When I'm in a room with a patient, I try to keep my emotions in check. You don't want some doctor breaking down in front of you, turning into a blubbering sack of goo. Sitting here on a Sunday writing this story allows a different perspective. For some reason I have a hard time letting go of this particular patient. She had something to teach me; and the further I get from the actual events, the more I seem to understand. I'm still quite young, and have a lot to learn. I'm grateful for the opportunity to interact with human beings in the intimate setting that the doctor/patient relationship affords. I think we all carry our own lesions with us throughout life, whether it resides on our back, or our leg, or deep within the recesses of our hearts. We all have them. There's no shame in that. And it's a good thing to know that the burden can be lessened the moment we decide to reveal it, the moment we decide we don't want to endure it alone anymore....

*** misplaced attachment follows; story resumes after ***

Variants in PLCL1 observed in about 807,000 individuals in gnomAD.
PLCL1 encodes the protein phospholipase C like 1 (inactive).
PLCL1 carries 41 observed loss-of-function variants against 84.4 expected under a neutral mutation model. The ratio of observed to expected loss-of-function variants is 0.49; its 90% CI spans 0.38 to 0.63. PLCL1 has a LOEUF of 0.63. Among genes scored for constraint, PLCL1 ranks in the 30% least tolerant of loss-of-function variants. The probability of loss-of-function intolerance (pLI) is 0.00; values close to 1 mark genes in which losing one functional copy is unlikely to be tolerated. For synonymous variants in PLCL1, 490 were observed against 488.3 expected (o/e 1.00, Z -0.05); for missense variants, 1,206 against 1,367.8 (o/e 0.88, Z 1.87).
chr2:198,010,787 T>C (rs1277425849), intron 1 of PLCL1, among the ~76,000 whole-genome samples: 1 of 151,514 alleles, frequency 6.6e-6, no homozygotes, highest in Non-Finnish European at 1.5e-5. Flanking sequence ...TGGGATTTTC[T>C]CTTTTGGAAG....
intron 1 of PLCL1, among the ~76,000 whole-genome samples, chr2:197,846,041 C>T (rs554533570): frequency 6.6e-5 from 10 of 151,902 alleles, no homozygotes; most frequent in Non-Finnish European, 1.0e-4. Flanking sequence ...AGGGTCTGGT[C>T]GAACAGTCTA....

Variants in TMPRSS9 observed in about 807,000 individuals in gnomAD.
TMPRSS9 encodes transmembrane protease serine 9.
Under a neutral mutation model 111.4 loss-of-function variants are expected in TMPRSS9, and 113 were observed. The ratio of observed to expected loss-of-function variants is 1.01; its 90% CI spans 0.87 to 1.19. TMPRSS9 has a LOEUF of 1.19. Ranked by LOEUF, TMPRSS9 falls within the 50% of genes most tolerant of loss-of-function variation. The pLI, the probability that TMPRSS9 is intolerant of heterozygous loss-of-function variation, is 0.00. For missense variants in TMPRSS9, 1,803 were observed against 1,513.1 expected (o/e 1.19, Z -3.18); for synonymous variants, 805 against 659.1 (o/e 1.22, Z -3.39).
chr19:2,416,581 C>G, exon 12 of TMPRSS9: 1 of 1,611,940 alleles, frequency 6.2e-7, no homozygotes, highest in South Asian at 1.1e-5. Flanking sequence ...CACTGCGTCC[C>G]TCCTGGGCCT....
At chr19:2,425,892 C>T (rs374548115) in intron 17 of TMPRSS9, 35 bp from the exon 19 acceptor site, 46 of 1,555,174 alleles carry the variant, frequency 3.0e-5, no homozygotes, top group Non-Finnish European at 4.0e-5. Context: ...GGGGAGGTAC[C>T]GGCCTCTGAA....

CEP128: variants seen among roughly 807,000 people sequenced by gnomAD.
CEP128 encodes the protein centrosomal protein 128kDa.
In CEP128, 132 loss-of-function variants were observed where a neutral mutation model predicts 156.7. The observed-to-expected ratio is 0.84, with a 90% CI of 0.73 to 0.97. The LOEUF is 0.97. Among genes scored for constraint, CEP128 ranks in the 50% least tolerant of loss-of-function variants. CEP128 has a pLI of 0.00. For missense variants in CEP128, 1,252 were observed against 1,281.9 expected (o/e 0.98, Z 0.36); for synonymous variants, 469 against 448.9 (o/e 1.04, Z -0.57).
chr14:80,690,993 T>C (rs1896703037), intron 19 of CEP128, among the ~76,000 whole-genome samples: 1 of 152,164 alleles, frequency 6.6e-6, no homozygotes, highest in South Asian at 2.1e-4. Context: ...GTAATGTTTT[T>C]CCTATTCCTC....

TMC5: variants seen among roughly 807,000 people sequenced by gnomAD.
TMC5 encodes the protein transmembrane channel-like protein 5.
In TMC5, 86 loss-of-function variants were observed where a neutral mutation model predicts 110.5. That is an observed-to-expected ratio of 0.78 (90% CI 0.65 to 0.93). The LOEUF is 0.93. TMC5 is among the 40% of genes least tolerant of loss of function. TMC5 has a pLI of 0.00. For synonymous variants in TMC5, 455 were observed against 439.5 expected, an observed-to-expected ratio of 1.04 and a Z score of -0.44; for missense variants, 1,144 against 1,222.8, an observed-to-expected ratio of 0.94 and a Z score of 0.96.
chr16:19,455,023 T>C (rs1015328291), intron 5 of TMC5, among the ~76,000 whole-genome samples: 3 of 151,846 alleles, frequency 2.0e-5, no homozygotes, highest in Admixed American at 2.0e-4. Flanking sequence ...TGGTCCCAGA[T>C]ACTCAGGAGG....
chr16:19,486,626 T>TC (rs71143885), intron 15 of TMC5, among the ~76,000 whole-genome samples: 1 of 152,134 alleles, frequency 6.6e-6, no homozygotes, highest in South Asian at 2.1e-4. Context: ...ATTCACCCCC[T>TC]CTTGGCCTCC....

24 comments:

Vijay said...

Wonderful story & well written. Thanks for sharing.

Phorun Medipoxy said...

Wow. Very moving post. Thank you.

Theresa said...

Wonderful post. I feel the same way you do: if a patient's story moves me, if it stays with me for some reason--then I know it holds a lesson of some kind, for me or for another patient I might encounter. There is so much to learn from the people we meet in this work. GREAT story, thanks for sharing.

Health Train Express said...

Buckeye, you are undoubtedly a superb caring physician and surgeon. Not a technician. I would be priveleged to have you as a surgeon. My last post may have seemed a bit harsh, after reading it, it comes out in print a bit differrently than face to face. I wanted to share with you what happened to me as I have seen it happen all to often to gifted surgeons. Keep on caring and working hard.